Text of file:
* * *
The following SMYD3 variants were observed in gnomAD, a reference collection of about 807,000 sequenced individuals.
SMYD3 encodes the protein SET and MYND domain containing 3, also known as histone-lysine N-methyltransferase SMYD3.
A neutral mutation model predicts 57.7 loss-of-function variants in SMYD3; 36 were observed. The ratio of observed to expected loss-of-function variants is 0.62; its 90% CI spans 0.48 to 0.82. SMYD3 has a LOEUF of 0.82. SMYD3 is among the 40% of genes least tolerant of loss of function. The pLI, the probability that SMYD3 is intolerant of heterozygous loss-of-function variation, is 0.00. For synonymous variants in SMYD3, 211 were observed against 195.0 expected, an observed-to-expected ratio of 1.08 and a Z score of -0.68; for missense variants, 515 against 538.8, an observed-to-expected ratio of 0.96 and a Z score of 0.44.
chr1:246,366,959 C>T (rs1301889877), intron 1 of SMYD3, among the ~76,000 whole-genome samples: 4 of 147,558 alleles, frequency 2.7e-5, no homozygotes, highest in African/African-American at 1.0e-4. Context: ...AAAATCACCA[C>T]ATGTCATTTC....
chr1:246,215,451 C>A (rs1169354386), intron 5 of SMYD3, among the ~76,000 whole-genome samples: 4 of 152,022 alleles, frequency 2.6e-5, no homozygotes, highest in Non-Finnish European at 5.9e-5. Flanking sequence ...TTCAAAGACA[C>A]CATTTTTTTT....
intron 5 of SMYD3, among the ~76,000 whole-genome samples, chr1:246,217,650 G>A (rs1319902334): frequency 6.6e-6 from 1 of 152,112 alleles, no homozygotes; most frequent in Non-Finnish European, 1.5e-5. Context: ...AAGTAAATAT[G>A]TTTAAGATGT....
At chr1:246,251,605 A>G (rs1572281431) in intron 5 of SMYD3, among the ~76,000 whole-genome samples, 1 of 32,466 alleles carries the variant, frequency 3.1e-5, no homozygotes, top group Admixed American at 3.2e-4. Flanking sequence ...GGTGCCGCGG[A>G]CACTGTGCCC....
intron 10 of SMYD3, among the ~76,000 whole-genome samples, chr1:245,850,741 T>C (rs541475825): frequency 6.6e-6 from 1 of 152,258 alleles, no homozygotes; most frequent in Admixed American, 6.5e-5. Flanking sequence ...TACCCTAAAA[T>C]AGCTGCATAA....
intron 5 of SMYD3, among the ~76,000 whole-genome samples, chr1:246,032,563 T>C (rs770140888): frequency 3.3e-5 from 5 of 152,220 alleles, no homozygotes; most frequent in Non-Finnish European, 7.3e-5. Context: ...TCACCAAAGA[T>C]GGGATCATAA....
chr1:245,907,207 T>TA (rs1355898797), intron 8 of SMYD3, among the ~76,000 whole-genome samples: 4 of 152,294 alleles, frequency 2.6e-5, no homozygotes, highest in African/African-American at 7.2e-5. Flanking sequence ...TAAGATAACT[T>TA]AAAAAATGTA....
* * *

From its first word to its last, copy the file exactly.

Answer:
The following SMYD3 variants were observed in gnomAD, a reference collection of about 807,000 sequenced individuals.
SMYD3 encodes the protein SET and MYND domain containing 3, also known as histone-lysine N-methyltransferase SMYD3.
A neutral mutation model predicts 57.7 loss-of-function variants in SMYD3; 36 were observed. The ratio of observed to expected loss-of-function variants is 0.62; its 90% CI spans 0.48 to 0.82. SMYD3 has a LOEUF of 0.82. SMYD3 is among the 40% of genes least tolerant of loss of function. The pLI, the probability that SMYD3 is intolerant of heterozygous loss-of-function variation, is 0.00. For synonymous variants in SMYD3, 211 were observed against 195.0 expected, an observed-to-expected ratio of 1.08 and a Z score of -0.68; for missense variants, 515 against 538.8, an observed-to-expected ratio of 0.96 and a Z score of 0.44.
chr1:246,366,959 C>T (rs1301889877), intron 1 of SMYD3, among the ~76,000 whole-genome samples: 4 of 147,558 alleles, frequency 2.7e-5, no homozygotes, highest in African/African-American at 1.0e-4. Context: ...AAAATCACCA[C>T]ATGTCATTTC....
chr1:246,215,451 C>A (rs1169354386), intron 5 of SMYD3, among the ~76,000 whole-genome samples: 4 of 152,022 alleles, frequency 2.6e-5, no homozygotes, highest in Non-Finnish European at 5.9e-5. Flanking sequence ...TTCAAAGACA[C>A]CATTTTTTTT....
intron 5 of SMYD3, among the ~76,000 whole-genome samples, chr1:246,217,650 G>A (rs1319902334): frequency 6.6e-6 from 1 of 152,112 alleles, no homozygotes; most frequent in Non-Finnish European, 1.5e-5. Context: ...AAGTAAATAT[G>A]TTTAAGATGT....
At chr1:246,251,605 A>G (rs1572281431) in intron 5 of SMYD3, among the ~76,000 whole-genome samples, 1 of 32,466 alleles carries the variant, frequency 3.1e-5, no homozygotes, top group Admixed American at 3.2e-4. Flanking sequence ...GGTGCCGCGG[A>G]CACTGTGCCC....
intron 10 of SMYD3, among the ~76,000 whole-genome samples, chr1:245,850,741 T>C (rs541475825): frequency 6.6e-6 from 1 of 152,258 alleles, no homozygotes; most frequent in Admixed American, 6.5e-5. Flanking sequence ...TACCCTAAAA[T>C]AGCTGCATAA....
intron 5 of SMYD3, among the ~76,000 whole-genome samples, chr1:246,032,563 T>C (rs770140888): frequency 3.3e-5 from 5 of 152,220 alleles, no homozygotes; most frequent in Non-Finnish European, 7.3e-5. Context: ...TCACCAAAGA[T>C]GGGATCATAA....
chr1:245,907,207 T>TA (rs1355898797), intron 8 of SMYD3, among the ~76,000 whole-genome samples: 4 of 152,294 alleles, frequency 2.6e-5, no homozygotes, highest in African/African-American at 7.2e-5. Flanking sequence ...TAAGATAACT[T>TA]AAAAAATGTA....